An international team, led by Oxford University and University of Leuven scientists has reconstructed the genetic history of the HIV-1 group M pandemic and concluded that it originated in Kinshasa, Democratic Republic of Congo.
The team'ss analysis suggests that the common ancestor of group M is highly likely to have emerged in Kinshasa around 1920 (with 95% of estimated dates between 1909 and 1930). Between the 1920s and 1950s, combination of population growth, sex and railway links allowed HIV to spread from Kinshasa across the globe.
Scientists used the latest phylogeographic techniques, which enable them to statistically estimate where and when the HIV pandemic originated. Location and dating estimates were validated using the earliest HIV-1 archival sample from Kinshasa.
Overcrowded train in Kinshasa (Credit: ONATRA)
By the end of 1940s over one million people were traveling through Kinshasa on the railways each year. Based on genetic data, scientists think it is likely that the social changes around the independence in 1960 saw the virus ‘break out’ from small groups of infected people to infect the wider population and eventually the world.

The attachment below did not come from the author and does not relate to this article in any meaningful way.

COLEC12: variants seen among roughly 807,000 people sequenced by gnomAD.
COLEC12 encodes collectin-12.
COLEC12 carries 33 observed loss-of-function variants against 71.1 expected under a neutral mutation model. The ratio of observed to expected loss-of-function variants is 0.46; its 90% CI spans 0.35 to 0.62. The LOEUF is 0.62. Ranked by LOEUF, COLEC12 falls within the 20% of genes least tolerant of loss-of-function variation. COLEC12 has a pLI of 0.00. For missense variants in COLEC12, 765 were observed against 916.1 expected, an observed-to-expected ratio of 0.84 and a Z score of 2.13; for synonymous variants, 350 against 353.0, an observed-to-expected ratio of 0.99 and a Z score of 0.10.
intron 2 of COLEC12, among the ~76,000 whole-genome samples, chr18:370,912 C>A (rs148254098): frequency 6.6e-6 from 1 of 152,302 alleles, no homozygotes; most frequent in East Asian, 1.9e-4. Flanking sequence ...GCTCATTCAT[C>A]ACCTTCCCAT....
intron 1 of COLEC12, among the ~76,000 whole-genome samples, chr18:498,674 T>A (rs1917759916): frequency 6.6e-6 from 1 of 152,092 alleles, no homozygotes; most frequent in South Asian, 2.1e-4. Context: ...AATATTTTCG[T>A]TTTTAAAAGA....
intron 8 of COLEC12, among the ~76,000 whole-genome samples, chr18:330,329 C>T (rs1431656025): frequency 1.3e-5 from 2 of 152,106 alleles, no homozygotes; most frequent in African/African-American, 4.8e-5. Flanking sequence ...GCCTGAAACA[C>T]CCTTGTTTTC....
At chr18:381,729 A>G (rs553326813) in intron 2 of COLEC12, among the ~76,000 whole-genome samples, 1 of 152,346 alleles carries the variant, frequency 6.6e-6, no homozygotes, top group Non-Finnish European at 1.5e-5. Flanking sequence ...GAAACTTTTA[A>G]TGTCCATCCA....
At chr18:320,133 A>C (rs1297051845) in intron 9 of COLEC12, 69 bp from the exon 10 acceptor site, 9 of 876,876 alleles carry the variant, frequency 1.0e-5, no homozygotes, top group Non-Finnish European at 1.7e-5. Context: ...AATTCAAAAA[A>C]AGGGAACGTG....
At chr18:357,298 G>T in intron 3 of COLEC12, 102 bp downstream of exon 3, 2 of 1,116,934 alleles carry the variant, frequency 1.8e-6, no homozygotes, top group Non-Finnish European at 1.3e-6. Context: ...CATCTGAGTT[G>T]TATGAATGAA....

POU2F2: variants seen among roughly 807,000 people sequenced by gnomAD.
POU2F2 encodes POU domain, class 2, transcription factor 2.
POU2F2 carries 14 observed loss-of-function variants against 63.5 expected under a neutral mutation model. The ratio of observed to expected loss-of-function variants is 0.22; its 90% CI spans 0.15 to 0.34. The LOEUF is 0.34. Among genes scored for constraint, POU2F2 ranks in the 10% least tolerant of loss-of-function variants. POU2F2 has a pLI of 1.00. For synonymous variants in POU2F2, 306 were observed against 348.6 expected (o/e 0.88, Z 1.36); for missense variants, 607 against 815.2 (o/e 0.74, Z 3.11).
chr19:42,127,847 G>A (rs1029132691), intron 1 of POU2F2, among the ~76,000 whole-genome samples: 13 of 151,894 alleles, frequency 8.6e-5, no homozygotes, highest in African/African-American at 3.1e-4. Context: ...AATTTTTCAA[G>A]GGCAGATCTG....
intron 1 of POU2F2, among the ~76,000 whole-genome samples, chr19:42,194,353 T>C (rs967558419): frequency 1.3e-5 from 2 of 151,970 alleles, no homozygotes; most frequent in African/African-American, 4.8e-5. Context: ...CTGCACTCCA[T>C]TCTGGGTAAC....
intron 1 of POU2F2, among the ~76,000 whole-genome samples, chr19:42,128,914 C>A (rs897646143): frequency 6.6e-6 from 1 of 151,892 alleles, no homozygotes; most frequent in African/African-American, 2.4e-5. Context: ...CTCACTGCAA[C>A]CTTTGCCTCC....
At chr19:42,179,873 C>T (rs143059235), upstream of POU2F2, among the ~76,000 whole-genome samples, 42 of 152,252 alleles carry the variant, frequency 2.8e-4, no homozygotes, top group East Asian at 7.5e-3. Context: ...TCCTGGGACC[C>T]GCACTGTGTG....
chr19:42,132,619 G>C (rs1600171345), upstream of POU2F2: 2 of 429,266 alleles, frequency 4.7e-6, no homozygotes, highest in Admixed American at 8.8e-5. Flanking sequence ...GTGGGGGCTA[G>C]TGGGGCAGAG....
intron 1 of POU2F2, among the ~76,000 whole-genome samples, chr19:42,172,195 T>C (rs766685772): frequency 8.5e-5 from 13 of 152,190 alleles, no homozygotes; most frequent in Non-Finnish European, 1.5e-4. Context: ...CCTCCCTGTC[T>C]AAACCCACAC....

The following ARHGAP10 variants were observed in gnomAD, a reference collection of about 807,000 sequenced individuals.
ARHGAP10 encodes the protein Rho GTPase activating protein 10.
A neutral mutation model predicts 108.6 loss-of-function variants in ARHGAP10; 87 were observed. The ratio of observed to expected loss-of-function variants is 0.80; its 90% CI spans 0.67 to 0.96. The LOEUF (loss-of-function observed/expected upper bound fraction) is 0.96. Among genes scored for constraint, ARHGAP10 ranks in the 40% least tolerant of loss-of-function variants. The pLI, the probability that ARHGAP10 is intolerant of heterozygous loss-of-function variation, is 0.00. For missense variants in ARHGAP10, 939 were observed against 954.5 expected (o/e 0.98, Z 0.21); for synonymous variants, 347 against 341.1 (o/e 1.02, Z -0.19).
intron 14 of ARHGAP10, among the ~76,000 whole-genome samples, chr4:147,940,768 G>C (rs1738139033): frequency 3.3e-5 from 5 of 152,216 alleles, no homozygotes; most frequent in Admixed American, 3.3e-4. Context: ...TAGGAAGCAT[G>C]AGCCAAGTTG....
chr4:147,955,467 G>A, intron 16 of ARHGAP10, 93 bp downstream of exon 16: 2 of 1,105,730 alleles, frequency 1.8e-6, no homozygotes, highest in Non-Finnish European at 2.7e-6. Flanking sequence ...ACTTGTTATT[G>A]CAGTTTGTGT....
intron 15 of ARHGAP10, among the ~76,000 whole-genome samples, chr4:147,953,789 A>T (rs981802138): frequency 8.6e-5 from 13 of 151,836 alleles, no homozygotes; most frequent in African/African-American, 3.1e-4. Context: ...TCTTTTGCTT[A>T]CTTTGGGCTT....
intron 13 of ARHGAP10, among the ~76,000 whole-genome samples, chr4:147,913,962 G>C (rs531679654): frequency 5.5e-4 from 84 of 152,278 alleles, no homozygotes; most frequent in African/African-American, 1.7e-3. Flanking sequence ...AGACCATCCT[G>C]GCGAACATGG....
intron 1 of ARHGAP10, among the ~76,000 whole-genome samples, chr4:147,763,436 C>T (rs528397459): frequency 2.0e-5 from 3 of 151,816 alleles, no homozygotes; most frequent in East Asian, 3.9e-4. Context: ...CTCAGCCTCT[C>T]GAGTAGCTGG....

HIV is believed to have been transmitted from primates and apes to humans at least 13 times but only one of these transmission events has led to a human pandemic. It was only with the event that led to HIV-1 group M that a pandemic occurred.
Scientists believe there was only a small ‘window’ during the Belgian colonial era for this particular strain of HIV to emerge and spread into a pandemic. The railways enabled the virus to spread vast distances across Africa and beyond, resulting in almost 75 million infections to date.
A report of the research, entitled 'The early spread and epidemic ignition of HIV-1 in human populations', was published in the journal Science.
Featured image: Aerial view of Kinshasa's railway station in 1955 (Credit: Atlas du Congo Belge et du Ruanda-Urundi, Gaston Derkinderen, Les Transport, Elsevier)